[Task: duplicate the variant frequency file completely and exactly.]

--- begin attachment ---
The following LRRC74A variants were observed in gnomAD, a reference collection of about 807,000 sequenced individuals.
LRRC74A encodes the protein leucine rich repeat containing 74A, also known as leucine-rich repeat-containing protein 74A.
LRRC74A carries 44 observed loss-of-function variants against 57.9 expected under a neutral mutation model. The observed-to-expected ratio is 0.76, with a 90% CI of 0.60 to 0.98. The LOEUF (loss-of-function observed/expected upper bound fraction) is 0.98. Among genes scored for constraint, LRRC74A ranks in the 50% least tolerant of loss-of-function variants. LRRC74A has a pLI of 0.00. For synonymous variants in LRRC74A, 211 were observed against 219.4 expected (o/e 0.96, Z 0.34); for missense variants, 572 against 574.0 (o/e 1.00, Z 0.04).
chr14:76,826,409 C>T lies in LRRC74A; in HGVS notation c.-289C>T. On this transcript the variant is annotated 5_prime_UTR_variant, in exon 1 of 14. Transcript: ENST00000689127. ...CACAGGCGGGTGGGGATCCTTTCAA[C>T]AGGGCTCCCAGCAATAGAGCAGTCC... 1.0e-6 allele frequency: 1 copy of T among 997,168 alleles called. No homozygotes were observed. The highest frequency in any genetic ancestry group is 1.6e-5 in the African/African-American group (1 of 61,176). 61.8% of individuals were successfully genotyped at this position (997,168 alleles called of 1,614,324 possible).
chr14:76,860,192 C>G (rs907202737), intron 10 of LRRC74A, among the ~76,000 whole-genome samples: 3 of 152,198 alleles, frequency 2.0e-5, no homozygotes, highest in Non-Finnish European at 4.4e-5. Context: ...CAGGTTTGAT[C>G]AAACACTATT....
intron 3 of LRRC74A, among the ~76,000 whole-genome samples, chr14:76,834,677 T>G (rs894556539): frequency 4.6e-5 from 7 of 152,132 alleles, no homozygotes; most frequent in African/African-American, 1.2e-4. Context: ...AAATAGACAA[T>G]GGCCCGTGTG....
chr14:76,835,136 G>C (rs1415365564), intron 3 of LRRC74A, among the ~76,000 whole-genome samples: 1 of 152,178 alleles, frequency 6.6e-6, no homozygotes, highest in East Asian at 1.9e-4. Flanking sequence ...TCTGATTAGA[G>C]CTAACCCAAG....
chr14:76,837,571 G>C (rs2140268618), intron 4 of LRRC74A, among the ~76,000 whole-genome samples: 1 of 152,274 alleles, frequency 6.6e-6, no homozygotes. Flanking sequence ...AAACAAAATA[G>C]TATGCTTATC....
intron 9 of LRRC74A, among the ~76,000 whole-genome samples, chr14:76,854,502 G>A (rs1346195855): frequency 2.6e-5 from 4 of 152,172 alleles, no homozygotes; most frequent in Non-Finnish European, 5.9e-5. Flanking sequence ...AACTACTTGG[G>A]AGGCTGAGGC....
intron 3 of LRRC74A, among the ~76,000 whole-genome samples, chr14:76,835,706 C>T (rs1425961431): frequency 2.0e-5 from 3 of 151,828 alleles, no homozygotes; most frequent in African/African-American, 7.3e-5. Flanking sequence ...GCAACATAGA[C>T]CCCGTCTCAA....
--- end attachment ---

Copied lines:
The following LRRC74A variants were observed in gnomAD, a reference collection of about 807,000 sequenced individuals.
LRRC74A encodes the protein leucine rich repeat containing 74A, also known as leucine-rich repeat-containing protein 74A.
LRRC74A carries 44 observed loss-of-function variants against 57.9 expected under a neutral mutation model. The observed-to-expected ratio is 0.76, with a 90% CI of 0.60 to 0.98. The LOEUF (loss-of-function observed/expected upper bound fraction) is 0.98. Among genes scored for constraint, LRRC74A ranks in the 50% least tolerant of loss-of-function variants. LRRC74A has a pLI of 0.00. For synonymous variants in LRRC74A, 211 were observed against 219.4 expected (o/e 0.96, Z 0.34); for missense variants, 572 against 574.0 (o/e 1.00, Z 0.04).
chr14:76,826,409 C>T lies in LRRC74A; in HGVS notation c.-289C>T. On this transcript the variant is annotated 5_prime_UTR_variant, in exon 1 of 14. Transcript: ENST00000689127. ...CACAGGCGGGTGGGGATCCTTTCAA[C>T]AGGGCTCCCAGCAATAGAGCAGTCC... 1.0e-6 allele frequency: 1 copy of T among 997,168 alleles called. No homozygotes were observed. The highest frequency in any genetic ancestry group is 1.6e-5 in the African/African-American group (1 of 61,176). 61.8% of individuals were successfully genotyped at this position (997,168 alleles called of 1,614,324 possible).
chr14:76,860,192 C>G (rs907202737), intron 10 of LRRC74A, among the ~76,000 whole-genome samples: 3 of 152,198 alleles, frequency 2.0e-5, no homozygotes, highest in Non-Finnish European at 4.4e-5. Context: ...CAGGTTTGAT[C>G]AAACACTATT....
intron 3 of LRRC74A, among the ~76,000 whole-genome samples, chr14:76,834,677 T>G (rs894556539): frequency 4.6e-5 from 7 of 152,132 alleles, no homozygotes; most frequent in African/African-American, 1.2e-4. Context: ...AAATAGACAA[T>G]GGCCCGTGTG....
chr14:76,835,136 G>C (rs1415365564), intron 3 of LRRC74A, among the ~76,000 whole-genome samples: 1 of 152,178 alleles, frequency 6.6e-6, no homozygotes, highest in East Asian at 1.9e-4. Flanking sequence ...TCTGATTAGA[G>C]CTAACCCAAG....
chr14:76,837,571 G>C (rs2140268618), intron 4 of LRRC74A, among the ~76,000 whole-genome samples: 1 of 152,274 alleles, frequency 6.6e-6, no homozygotes. Flanking sequence ...AAACAAAATA[G>C]TATGCTTATC....
intron 9 of LRRC74A, among the ~76,000 whole-genome samples, chr14:76,854,502 G>A (rs1346195855): frequency 2.6e-5 from 4 of 152,172 alleles, no homozygotes; most frequent in Non-Finnish European, 5.9e-5. Flanking sequence ...AACTACTTGG[G>A]AGGCTGAGGC....
intron 3 of LRRC74A, among the ~76,000 whole-genome samples, chr14:76,835,706 C>T (rs1425961431): frequency 2.0e-5 from 3 of 151,828 alleles, no homozygotes; most frequent in African/African-American, 7.3e-5. Flanking sequence ...GCAACATAGA[C>T]CCCGTCTCAA....